While doing a massive organization of my wardrobe during the summer of 2012, I realized that I own a ridiculous number of t-shirts, some which I was able to cull without much thought but many that have stories attached - sentimental, funny, creative, unique stories.
So... my goal is to tell the story of one t-shirt per day. Until I run out of t-shirts... or stories.
Wednesday, September 5, 2012
One; two: why, then 'tis time to do't
Wow, over 80 views of my blog already! Y'all make me feel so welcome and encouraged! Comments are always welcome. I try to respond to them all directly.
Today's shirt is actually my newest purchase. I bought it this summer at Vancouver's Bard on the Beach Shakespeare festival. Every year, Bard presents four fabulous plays on two separate stages and if luck, timing and finances decree it be so, I can usually make it down for at least one. 2007 was probably my best year when I think I attended all the productions AND came back for their Taming of the Shrew done Western (as in "cowboy") style at least three additional times. (It was REALLY REALLY good!) My friends, Mike and Lynne, visited Vancouver from England that year so I was pleased to be able to show off the "culture in the colonies" ;)
This year's offerings are Macbeth, King John, The Merry Wives of Windsor (Ontario!) and another staging of Shrew. Coincidentally, the leads in Macbeth this year, the ever-present Bob Frazer and the stunning Colleen Wheeler, were the same leads I saw in 2007 in Shrew. Everything comes full circle eventually, I guess. Mr. Frazer commented jokingly at a fundraiser earlier in the spring that in all of Shakespeare's canon there are only two happily married couples - Kat and Petruchio in Shrew & Lord and Lady Macbeth - and now, he and Colleen had played both.
When I saw this shirt Ye Olde Merchandise Shoppe, I was compelled twofold to buy it. One, we were actually attending "The Scottish Play" that night (and it was a wonderfully spooky, tartan-clad production) AND the quote is the title of my very favourite Ray Bradbury book and possibly the only Bradbury/Disney co-production film adaptation EVER (correct me if I'm wrong). If you didn't know, Ray Bradbury passed away this year. It struck me, a simple fan who had never met or interacted personally with him, as a terrible loss to the world but to a colleague and friend like Neil Gaiman it was obviously exponentially more. On his journal the day of Bradbury's passing, Gaiman posted a piece he had written a couple of years ago and then composed a piece for The Guardian. And then, the following day, posted a recording of him reading "The Man Who Forgot Ray Bradbury", a story he had written for Bradbury's last birthday gift. I highly recommend a listen if you have thirteen minutes to be transported.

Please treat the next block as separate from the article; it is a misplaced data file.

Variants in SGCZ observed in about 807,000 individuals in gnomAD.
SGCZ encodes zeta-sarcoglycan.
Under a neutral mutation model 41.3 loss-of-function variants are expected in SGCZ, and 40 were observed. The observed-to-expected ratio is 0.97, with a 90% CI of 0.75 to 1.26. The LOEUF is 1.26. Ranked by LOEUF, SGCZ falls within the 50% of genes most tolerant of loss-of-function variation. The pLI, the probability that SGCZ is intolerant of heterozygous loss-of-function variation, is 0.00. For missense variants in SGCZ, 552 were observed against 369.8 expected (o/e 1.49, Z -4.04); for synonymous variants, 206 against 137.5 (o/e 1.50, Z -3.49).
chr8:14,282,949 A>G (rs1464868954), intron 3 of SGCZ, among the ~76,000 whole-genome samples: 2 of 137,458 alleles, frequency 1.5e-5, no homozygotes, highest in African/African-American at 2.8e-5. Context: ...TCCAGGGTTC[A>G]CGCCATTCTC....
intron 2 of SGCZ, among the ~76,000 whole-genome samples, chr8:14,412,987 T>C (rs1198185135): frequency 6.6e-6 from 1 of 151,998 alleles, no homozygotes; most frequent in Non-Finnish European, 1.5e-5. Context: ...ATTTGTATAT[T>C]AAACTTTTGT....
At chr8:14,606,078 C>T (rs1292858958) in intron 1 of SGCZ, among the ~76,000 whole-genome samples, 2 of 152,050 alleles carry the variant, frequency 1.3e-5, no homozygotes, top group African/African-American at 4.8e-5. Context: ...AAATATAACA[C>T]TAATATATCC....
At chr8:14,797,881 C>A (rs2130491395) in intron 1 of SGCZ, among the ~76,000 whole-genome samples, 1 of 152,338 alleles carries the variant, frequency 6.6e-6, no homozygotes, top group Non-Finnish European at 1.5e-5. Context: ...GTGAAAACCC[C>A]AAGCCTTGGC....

Back to Something Wicked This Way Comes, I actually saw the film first, starring Jason Robards Junior (whom IMDB now lists as simply "Jason Robards") and the delicious Jonathan Pryce as Mr. Dark. In one scene, Robards' Charles Halloway gets to mutter the title line about thumbs while sitting in an immense and empty library as a wind blows through it. Suddenly, Mr. Dark, the sinister yet charming purveyor of the visiting yet diabolical circus appears next to him responding to the Shakespeare with Longfellow:
Then pealed the bells more loud and deep:
“God is not dead, nor doth He sleep;
...which Halloway finishes off, defiantly:
The wrong shall fail, the right prevail
With peace on earth, good will to men"
I was probably only nine when I saw the movie on TV, well before studying any Shakespeare, and for the longest time, I thought that those lines actually belonged together and even quoted the Christmas verse when a friend quoted the Macbeth at me.
Weirdest call-and-response reaction ever.
I own a copy of the movie although on re-watching it as an adult, the creepy Bradbury atmosphere combined with the hokey early 80s Disney effects makes for a really strange dynamic in the show. Still, the idea of the people desperate to amend a life-long regret by making a deal with the devil is a powerful one and scenes, if not the entire film, have stuck in my imagination for decades now. I am still think back to those scenes when I discuss regret - the shudder, the sorrow, the sigh - and part of why I am so loathe to pass up opportunity for new experiences is that I never want regret to be the overwhelming feeling in my life.
Well, then, there's two posts in a row. I'll end it with Mr. Dark's quiet and ominous warning to Charles Halloway in that library:
"It's a thousand years to Christmas..."
(Lucky for us, the Xmas Clock says it's actually only 110 days.)